Friday, July 26, 2013

Clearing Brush On A Sunny Day

I had a new, high tensile fence erected last fall but to my horror, I discovered that it couldn't be used when spring arrived. Many wires were down and the brush surrounding the perimeter was growing wildly toward the electric wires, with branches falling down and grasses growing upwards to short it out - IF I could ever turn it on. I bravely began brush hogging and chainsawing one day only to get the tractor stuck and require a lengthy rescue by my neighbor. A week later, my courage screwed up once again, I detached the brush hog, put the chainsaw and its accessories in the bucket and set out on the tractor to finish the job I'd begun the previous week:

The day was lovely and I was feeling very good about it all:

The main offender, at least at the point where I'd stopped, was a large, thorny Hawthorn tree which I'd formerly managed to uproot but then couldn't move anywhere. That's when I got mired in the mud, unable to go either forward or back. But this day was so lovely that I took a moment to experience it. Crickets chirped and birds sang. The air was filled with the aromas of forest, grasses and wildflowers. My farm house and barn were visible in the background and from somewhere I could hear children laughing as they played:

But my reverie ended when I tackled the evil Hawthorn. It had thorns on its thorns, and every one of them was aiming to hurt me:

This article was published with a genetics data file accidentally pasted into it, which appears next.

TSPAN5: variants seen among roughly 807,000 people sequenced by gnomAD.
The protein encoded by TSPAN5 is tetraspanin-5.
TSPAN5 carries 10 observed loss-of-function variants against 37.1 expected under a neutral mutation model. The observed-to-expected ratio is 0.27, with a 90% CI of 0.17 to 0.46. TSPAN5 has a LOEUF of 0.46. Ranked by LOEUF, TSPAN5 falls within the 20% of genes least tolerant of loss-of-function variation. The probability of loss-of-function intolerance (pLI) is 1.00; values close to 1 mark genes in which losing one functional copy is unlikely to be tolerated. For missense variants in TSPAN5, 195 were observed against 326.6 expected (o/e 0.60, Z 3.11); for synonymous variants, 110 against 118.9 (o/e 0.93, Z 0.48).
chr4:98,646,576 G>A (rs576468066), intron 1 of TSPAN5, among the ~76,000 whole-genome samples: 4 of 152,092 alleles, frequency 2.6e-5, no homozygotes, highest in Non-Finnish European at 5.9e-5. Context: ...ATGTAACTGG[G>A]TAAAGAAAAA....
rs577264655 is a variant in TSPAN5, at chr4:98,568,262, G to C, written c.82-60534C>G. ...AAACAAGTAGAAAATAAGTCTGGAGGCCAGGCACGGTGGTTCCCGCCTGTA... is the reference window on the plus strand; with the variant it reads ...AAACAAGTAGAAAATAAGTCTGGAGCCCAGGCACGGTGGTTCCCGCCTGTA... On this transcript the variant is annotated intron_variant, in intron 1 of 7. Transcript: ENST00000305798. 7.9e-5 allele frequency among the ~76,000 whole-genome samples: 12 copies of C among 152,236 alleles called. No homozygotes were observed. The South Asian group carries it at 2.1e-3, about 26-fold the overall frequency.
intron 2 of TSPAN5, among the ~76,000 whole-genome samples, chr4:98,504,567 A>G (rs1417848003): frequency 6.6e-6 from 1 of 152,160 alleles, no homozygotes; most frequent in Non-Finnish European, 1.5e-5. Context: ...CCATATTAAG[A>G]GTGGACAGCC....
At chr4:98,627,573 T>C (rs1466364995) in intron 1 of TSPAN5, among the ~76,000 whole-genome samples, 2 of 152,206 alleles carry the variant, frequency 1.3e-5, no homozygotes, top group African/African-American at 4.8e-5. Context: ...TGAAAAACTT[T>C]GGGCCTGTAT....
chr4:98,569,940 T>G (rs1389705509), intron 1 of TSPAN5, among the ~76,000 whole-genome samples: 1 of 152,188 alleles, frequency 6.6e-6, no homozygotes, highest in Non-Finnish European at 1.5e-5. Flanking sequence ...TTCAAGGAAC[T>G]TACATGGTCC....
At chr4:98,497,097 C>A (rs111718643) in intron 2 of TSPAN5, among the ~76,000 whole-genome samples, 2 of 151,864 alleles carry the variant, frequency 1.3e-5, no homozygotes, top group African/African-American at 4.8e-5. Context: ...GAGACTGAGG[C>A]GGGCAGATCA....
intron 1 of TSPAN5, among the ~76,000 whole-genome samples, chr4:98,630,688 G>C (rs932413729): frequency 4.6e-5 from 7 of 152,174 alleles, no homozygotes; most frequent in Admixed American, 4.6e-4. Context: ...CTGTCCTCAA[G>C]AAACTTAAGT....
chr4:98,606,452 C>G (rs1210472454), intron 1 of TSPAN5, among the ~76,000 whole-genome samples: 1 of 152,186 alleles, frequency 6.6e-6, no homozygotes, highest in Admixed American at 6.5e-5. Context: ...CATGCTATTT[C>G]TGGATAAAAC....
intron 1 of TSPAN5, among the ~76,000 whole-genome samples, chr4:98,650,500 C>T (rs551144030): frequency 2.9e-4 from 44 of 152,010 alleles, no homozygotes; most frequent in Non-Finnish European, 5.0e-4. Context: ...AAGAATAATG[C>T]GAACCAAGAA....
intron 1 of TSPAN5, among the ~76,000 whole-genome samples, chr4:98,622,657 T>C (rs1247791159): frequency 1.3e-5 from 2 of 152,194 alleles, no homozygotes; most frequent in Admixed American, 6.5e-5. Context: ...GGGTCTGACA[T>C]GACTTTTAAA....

This split limb demonstrated how the thorns grow from deep inside the wood:

I finally managed to cut up and toss the Hawthorn into the forest. I still couldn't go forward, however, because of three large Ash trees. So instead I began cutting overhanging branches which had slapped me in the face on my way in. You can see what a narrow space I had to work in:

I lowered the bucket and back-dragged the muddy ruts, hoping that would result in a more level driving lane after the ground dried out:

And then I took a moment to eat some wild strawberries:

I'd previously brush hogged around the inside perimeter and had a mowed lane in which to work whenever a branch fell to earth inside the fence line:

The day was successful although the job was far from done. As of this writing, the job is still not done. But I've been making progress:

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